I didn’t know much about Ten Inch Hero other than Jensen Ackles is wearing outrageous hair in it, and then I watched it and got Clea DuVall in the bargain, and that’s pretty much the best thing that can happen. Overall, the film is pretty sweet.
2057. The sun is dying and the only solution humanity has found is to send a team of astronauts there to reignite it with a fission bomb or else find all of life on earth doomed. The first mission, Icarus-I, to do just that has already failed, now a new team, Icarus-II, is on its way. When they pick up the distress signal of the Icarus-I, they decide to pick up the bomb that the ship has aboard, as a failsafe for their own mission. But that bomb may come at a higher price than they expected.
When I watched Sunshine for the first time, I remember not being particularly taken with it. But it was one of those films where I started getting doubts about my own judgement and that made me curious to check it out again almost 10 years later. And in this case, it definitely paid off, although I still didn’t fall head over heels for it, I did appreciate it much more than the last time.
Baisch (Dirk Stermann) is an archaeology professor who believes that his ex-wife will at one point want him back. His ex-brother-in-law Anzengruber (Christoph Grissemann) is less uptight than Baisch and pretty sure that ex will stay ex, but comes with his own problems. The two of them met at an event and are now on their way back into town. They stumble upon Schwanenmeister (Heinz Strunk), a musician/comedian, who hitches a ride with them. And then they crash their car and while they end up unhurt, they are unable to leave the car. And so the three men are trapped with each other – and tensions will have to rise.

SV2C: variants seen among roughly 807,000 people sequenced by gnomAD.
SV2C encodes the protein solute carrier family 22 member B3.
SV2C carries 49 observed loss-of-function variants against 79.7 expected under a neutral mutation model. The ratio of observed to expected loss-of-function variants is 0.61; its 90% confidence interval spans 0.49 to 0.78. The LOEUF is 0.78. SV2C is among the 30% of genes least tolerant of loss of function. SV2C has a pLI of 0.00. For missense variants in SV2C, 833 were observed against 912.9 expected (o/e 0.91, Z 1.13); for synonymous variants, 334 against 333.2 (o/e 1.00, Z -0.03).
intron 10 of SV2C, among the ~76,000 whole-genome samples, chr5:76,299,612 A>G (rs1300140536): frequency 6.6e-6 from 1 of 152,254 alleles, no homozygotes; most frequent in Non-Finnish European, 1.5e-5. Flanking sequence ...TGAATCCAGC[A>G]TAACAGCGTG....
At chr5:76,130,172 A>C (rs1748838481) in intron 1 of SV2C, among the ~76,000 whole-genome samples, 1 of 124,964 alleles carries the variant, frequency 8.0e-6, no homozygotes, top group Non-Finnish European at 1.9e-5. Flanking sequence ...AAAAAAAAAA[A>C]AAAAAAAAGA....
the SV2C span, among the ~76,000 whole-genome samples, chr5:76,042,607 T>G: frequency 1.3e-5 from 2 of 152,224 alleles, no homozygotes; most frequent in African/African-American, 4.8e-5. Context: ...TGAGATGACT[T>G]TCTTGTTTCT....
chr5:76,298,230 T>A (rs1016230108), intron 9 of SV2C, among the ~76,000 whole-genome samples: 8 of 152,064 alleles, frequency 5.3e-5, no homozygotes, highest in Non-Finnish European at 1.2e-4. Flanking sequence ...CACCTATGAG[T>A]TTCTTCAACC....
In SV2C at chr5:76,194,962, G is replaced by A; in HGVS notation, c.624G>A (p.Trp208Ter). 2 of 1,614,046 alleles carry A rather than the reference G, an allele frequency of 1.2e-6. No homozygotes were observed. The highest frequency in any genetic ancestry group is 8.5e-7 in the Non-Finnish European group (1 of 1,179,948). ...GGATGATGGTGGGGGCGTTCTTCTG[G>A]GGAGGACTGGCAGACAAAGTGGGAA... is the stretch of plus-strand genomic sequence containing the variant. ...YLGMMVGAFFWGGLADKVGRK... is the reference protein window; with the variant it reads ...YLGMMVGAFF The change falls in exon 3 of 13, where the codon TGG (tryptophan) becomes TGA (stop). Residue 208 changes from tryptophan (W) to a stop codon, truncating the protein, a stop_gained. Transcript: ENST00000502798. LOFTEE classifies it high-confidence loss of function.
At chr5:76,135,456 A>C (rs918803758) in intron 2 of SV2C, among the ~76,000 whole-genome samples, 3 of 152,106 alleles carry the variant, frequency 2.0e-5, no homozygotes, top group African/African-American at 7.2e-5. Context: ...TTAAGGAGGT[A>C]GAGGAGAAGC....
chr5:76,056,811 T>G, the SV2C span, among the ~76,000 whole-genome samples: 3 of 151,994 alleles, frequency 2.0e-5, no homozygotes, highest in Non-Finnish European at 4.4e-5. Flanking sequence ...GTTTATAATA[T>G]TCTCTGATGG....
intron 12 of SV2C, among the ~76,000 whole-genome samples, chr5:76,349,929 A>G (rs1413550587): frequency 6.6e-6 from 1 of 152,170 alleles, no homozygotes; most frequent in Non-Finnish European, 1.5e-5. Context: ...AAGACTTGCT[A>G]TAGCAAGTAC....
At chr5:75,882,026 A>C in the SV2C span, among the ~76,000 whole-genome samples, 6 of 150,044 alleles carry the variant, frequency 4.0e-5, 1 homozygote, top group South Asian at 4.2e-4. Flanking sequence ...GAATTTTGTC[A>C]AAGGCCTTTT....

I liked the idea of Immer nie am Meer, but the film was a homophobic, antiscientific and unfunny mess that dragged more than its short runtime should have made possible.
Many years ago, Anne Elliot (Sally Hawkins) was engaged to Frederick Wentworth (Rupert Penry-Jones), but took the advice of her motherly friend Lady Russell (Alice Krige), as well as listened to the opinions of her father Sir Walter (Anthony Head) and her sister Elizabeth (Julia Davis)and dissolved the engagement since Wentworth didn’t have much standing. Quite by coincidence Frederick is back in her life after years in the Navy and has made a name for himself as well as a fortune. Anne is convinced, though, that he will never forgive her for her past actions. And when her cousin William Elliot (Tobias Menzies) starts courting her, she might be getting another chance, despite being alread 27 years old and still unmarried.